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Critical Firmware Vulnerability in Gigabyte Systems Exposes ~7 Million Devices


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Cybersecurity researchers have found "backdoor-like behavior" within Gigabyte systems, which they say enables the UEFI firmware of the devices to drop a Windows executable and retrieve updates in an unsecure format.

Firmware security firm Eclypsium said it first detected the anomaly in April 2023. Gigabyte has since acknowledged and addressed the issue.

"Most Gigabyte firmware includes a Windows Native Binary executable embedded inside of the UEFI firmware," John Loucaides, senior vice president of strategy at Eclypsium, told The Hacker News.

"The detected Windows executable is dropped to disk and executed as part of the Windows startup process, similar to the LoJack double agent attack. This executable then downloads and runs additional binaries via insecure methods."

"Only the intention of the author can distinguish this sort of vulnerability from a malicious backdoor," Loucaides added.

The executable, per Eclypsium, is embedded into UEFI firmware and written to disk by firmware as part of the system boot process and subsequently launched as an update service.

The .NET-based application, for its part, is configured to download and execute a payload from Gigabyte update servers over plain HTTP, thereby exposing the process to adversary-in-the-middle (AitM) attacks via a compromised router.

Loucaides said the software “seems to have been intended as a legitimate update application,” noting the issue potentially impacts “around 364 Gigabyte systems with a rough estimate of 7 million devices.”

With threat actors constantly on the lookout for ways to remain undetected and leave a minimal intrusion footprint, vulnerabilities in the privileged firmware update mechanism could pave the way for stealthy firmware implants that can subvert all security controls running in the operating system plane.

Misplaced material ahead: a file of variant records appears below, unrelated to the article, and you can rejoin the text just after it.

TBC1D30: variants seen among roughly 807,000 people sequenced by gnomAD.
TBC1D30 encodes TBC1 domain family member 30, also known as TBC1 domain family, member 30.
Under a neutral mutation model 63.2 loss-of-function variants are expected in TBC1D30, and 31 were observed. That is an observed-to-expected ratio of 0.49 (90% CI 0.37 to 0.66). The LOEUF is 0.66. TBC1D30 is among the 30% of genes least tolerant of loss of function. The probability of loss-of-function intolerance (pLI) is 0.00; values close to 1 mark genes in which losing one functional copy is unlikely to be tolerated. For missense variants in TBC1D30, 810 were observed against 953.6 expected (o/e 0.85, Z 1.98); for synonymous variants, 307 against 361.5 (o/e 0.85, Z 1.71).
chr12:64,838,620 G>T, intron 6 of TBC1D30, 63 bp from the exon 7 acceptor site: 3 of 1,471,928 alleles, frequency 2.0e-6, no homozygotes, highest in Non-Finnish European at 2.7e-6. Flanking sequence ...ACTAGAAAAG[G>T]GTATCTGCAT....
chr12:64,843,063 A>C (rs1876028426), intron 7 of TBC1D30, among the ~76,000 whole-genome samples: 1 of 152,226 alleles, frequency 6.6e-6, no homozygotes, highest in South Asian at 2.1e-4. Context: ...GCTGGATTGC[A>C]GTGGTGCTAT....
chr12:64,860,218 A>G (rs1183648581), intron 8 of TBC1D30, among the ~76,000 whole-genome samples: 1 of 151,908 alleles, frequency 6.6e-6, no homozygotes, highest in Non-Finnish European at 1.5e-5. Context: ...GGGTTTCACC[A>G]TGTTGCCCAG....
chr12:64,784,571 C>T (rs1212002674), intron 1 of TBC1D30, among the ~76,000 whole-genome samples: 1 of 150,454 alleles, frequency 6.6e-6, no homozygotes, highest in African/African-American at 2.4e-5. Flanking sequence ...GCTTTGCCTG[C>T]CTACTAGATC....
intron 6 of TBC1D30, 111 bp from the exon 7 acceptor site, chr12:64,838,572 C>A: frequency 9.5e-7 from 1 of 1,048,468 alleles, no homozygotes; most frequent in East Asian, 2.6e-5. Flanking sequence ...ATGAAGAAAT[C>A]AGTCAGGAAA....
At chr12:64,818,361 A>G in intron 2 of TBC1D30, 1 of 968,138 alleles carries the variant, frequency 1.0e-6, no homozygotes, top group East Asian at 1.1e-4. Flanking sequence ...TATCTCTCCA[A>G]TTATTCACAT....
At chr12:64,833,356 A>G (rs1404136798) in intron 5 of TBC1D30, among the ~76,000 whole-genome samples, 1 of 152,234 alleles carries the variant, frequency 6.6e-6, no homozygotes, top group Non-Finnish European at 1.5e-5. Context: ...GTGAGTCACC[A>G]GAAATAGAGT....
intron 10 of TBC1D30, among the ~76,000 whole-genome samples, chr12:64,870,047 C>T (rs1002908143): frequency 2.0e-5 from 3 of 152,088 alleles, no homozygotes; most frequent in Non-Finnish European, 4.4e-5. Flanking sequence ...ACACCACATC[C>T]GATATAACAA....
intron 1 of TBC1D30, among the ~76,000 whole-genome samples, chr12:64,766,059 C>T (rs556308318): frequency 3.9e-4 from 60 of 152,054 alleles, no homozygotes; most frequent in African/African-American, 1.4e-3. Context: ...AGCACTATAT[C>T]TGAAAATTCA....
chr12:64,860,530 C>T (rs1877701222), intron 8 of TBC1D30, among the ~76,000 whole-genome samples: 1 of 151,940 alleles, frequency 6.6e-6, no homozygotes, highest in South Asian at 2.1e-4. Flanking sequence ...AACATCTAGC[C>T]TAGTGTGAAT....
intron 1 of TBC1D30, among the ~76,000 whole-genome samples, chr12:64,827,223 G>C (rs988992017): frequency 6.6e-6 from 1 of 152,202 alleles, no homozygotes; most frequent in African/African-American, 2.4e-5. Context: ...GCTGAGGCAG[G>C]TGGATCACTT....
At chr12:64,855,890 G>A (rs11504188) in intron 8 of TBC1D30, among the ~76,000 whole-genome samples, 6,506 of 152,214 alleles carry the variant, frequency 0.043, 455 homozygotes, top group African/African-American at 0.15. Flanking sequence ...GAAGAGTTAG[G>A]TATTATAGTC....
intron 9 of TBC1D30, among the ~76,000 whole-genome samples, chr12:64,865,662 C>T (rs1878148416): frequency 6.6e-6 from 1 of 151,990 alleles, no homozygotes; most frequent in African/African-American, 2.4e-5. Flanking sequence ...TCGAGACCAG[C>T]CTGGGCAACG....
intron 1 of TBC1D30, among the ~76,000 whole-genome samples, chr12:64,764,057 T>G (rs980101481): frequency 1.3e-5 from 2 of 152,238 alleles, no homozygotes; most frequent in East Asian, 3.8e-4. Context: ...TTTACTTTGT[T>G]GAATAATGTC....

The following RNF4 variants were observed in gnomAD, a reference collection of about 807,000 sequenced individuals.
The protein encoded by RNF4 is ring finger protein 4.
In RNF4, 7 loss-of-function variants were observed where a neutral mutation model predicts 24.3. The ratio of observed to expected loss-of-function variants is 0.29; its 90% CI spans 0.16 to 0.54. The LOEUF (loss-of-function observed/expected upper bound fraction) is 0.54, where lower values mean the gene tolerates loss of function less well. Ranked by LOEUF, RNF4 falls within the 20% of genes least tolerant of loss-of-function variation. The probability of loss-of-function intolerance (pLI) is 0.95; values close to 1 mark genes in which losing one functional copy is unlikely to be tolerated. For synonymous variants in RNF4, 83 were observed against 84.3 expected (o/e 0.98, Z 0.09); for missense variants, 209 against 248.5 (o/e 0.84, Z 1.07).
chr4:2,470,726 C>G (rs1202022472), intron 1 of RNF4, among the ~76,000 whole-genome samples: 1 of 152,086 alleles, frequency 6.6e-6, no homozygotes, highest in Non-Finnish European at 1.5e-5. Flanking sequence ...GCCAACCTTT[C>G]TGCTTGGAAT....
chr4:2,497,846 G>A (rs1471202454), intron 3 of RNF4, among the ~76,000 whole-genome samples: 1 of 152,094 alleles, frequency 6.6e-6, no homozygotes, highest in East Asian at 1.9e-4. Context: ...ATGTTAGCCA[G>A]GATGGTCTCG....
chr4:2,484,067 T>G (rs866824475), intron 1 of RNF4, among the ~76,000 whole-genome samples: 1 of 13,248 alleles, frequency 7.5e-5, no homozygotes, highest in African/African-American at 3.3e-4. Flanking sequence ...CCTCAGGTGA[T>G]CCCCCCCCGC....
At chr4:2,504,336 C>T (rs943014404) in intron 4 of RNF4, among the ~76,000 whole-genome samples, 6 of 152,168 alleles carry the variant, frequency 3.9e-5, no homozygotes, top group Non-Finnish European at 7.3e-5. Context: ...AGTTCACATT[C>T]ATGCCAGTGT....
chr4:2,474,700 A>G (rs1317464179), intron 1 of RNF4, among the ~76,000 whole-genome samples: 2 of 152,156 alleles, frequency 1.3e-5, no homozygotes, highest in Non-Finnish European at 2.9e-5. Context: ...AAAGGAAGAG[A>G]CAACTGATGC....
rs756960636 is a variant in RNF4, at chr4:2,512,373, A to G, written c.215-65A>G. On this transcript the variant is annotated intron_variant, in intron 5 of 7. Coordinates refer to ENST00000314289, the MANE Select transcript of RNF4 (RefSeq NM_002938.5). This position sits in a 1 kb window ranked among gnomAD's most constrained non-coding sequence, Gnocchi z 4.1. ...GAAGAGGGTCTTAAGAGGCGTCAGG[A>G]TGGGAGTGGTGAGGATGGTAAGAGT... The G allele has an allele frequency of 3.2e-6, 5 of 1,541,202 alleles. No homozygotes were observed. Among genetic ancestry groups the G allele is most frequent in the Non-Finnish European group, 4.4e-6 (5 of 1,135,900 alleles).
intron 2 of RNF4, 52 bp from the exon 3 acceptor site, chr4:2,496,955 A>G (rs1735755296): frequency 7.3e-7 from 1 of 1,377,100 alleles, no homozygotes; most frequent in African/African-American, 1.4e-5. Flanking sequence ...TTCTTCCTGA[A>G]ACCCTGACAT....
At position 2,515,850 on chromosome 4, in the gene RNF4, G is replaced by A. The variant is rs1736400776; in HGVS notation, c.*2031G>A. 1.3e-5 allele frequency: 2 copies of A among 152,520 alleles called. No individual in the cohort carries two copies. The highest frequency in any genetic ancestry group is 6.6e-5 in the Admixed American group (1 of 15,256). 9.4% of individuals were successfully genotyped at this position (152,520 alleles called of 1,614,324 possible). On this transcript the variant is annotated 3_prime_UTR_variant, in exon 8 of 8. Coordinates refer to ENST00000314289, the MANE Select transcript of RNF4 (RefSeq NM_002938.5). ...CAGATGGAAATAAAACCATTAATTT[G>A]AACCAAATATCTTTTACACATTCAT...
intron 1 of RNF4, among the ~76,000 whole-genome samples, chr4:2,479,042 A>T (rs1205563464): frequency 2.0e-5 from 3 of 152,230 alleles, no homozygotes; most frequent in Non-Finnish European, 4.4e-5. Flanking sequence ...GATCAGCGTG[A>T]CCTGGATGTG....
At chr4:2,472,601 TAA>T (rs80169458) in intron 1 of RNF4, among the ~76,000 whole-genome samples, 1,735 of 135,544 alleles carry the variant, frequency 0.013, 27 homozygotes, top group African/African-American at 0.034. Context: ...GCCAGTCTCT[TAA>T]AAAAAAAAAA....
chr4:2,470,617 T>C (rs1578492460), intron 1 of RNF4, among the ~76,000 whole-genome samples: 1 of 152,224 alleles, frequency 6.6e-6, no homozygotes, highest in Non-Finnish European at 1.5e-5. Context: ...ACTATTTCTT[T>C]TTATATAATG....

https://thehackernews.com/2023/05/critical-firmware-vulnerability-in.html

Mitigations

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We recommend exercising caution when using Gigabyte systems or systems with affected motherboards. Organizations can also take the following actions to minimize the risk:

  • Scan and monitor systems and firmware updates in order to detect affected Gigabyte systems and the backdoor-like tools embedded in firmware. Update systems to the latest validated firmware and software in order to address security issues like this one.
  • Inspect and disable the “APP Center Download & Install” feature in UEFI/BIOS Setup on Gigabyte systems and set a BIOS password to deter malicious changes.
  • Administrators can also block the following URLs:
    • http://mb.download.gigabyte.com/FileList/Swhttp/LiveUpdate4
    • https://mb.download.gigabyte.com/FileList/Swhttp/LiveUpdate4
    • https://software-nas/Swhttp/LiveUpdate4

 

https://eclypsium.com/blog/supply-chain-risk-from-gigabyte-app-center-backdoor/

Affected Gigabyte motherboard firmware

https://eclypsium.com/wp-content/uploads/Gigabyte-Affected-Models.pdf

Edited by itman
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Posted (edited)

Based on a posting on wilderssecuritycom: https://www.wilderssecurity.com/threads/gigabyte-mobos-supply-chain-risk-from-gigabyte-app-center-backdoor.451620/#post-3149242 , it appears Gigabyte has pushed a firmware update to address this issue. There is also the question if a firmware update will be pushed for motherboards no longer supported.

It is uncharacteristic for Gigabyte to react this quickly to a vulnerability, so this must be a serious one.

-EDIT- Gigabyte statement here: https://www.gigabyte.com/Press/News/2091

Edited by itman
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